Five Things You Need to Know to Start Your Day
More bad signs in the market, increasing tension in Hong Kong, and an onion crisis in India. Here are some of the things people in markets are talking about today.
Good news is hard to come by in markets right now. The S&P 500 has suffered its first back-to-back drops of more than 1% this year and questions are floating about recession, after U.S. private payrolls fell short of expectations Wednesday, and a key U.S. manufacturing gauge dropped to the lowest in a decade and car sales sank Tuesday. Meanwhile, investors are getting tetchy over the fact that the stock market hasn’t budged for almost two years, after the S&P 500 losses just undid weeks and months of progress. Elsewhere, Hong Kong retail sales suffered a record slump in August, while Kyle Bass has predicted a “severe” economic decline there.
Markets to Slide
Asian stocks looked set to follow U.S. stocks down amid increased concerns about a global slowdown. Futures pointed lower in Japan, Australia and Hong Kong, with markets in China and South Korea closed for holidays. The 10-year Treasury yield fell for a fifth straight day to 1.6% on U.S. hiring numbers. The yen rose versus the dollar and gold spiked above $1,500. Elsewhere, oil fell to the lowest level in almost two months after swelling inventories in the world’s biggest economy added to a pessimistic and weakening economic backdrop.
Tensions in Hong Kong are probably going to escalate, if the words of protest organizers are anything to go by. The Civil Human Rights Front will plan “large-scale mobilization” to respond to an escalation of use of force by police which ended in one teenage demonstrator being shot at close range on Tuesday, according to a Facebook post. The incident could now help drive momentum for the protests until local elections in November — the next big date on the city’s political calendar. Demonstrators hit the streets again on Wednesday, following the release of the violent images of the shooting, which also show the protester striking the police officer with a metal rod.
Onions may seem like an unlikely source for controversy, yet here we are. In India — where the vegetable is as ubiquitous in cooking as spices — prices surged more than 200% in September from previous months. Heavy monsoon rains are being blamed for damaged crops and reduced supplies. The government has banned onion exports and is cracking down on hoarding to lower prices, angering farmers who took to the streets on Monday in protest. Meanwhile, India’s worsening banking problems are adding a new layer of complication to the central bank’s monetary policy as it looks to spur economic growth. The Reserve Bank of India is set to lower its benchmark repurchase rate for a fifth time this year on Friday, days after it reassured the public that the banking system is “safe and stable.” It also recently imposed withdrawal curbs on a small bank and lending restrictions on another lender.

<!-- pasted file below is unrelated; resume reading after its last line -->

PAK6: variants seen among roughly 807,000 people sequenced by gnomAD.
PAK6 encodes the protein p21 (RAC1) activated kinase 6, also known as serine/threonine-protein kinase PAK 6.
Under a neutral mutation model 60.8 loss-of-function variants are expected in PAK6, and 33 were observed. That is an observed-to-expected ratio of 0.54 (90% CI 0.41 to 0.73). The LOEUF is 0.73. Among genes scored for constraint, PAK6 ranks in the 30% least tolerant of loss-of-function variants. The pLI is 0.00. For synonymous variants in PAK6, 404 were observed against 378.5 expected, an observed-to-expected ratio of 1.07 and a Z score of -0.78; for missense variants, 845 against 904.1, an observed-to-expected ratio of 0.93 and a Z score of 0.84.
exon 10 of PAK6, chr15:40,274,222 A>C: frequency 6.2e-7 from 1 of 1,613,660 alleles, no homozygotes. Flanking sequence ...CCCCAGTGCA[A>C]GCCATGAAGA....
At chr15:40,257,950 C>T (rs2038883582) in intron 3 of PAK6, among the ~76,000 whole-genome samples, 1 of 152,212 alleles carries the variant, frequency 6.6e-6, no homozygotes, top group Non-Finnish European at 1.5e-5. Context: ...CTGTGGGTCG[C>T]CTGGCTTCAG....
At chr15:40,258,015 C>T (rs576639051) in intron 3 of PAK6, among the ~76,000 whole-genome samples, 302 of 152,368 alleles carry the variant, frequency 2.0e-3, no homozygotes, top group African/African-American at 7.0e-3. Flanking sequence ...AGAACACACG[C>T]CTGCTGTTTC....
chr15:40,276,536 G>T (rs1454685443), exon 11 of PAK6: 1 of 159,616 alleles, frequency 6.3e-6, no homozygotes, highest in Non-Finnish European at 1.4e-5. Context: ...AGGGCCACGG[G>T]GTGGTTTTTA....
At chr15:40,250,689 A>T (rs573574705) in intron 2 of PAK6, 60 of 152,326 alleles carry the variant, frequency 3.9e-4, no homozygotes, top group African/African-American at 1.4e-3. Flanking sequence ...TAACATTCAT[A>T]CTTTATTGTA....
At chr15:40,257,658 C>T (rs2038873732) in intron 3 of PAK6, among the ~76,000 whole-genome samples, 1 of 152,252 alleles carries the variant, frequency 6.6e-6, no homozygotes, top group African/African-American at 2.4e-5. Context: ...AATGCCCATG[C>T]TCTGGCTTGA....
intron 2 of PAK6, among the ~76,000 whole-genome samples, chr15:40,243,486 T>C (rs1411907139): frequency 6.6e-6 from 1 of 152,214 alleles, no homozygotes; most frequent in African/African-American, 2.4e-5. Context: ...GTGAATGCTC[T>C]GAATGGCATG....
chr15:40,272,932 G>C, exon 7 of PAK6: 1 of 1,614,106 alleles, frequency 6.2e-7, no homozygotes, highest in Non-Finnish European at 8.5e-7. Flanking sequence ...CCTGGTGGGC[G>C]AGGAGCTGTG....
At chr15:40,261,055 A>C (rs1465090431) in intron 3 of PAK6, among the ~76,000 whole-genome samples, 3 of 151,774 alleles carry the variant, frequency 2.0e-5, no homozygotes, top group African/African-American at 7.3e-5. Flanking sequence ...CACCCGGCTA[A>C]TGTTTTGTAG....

This Or Nothing: Johnson
Boris Johnson told the European Union to compromise on the controversial backstop arrangement or watch the U.K. walk away from Brexit talks. Under the British prime minister’s latest proposal, Northern Ireland would remain in regulatory alignment with the EU for agricultural products and manufactured goods, but would be able to exit the arrangements if it wanted following a vote every four years. Johnson’s plan includes enough compromises to keep the EU at the negotiating table, but European Commission President Jean-Claude Juncker said it had “problematic points.” On Thursday, Johnson will start the work of winning support in Parliament for a deal that, until recently, would have been rejected both by Brexit hardliners in his own Conservative Party and by members of Parliament from Northern Ireland.
What We’ve Been Reading
This is what’s caught our eye over the past 24 hours.
- Indonesia will open up its economy to more foreign investment, Jokowi says.
- Prices of scotch, French wine and European cheeses are about to go up in the U.S.
- Pompeo said he was on the phone call with Trump and the Ukrainian president.
- The new model for how to invest your pension is in Australia.
- A 37-year-old ex-JPMorgan banker is fighting the world’s worst traffic.
- Tesla set another record for quarterly vehicle deliveries, but fell short of Musk’s mark.
- A billionaire on top of the world chooses China’s Huawei to expand.
©2019 Bloomberg L.P.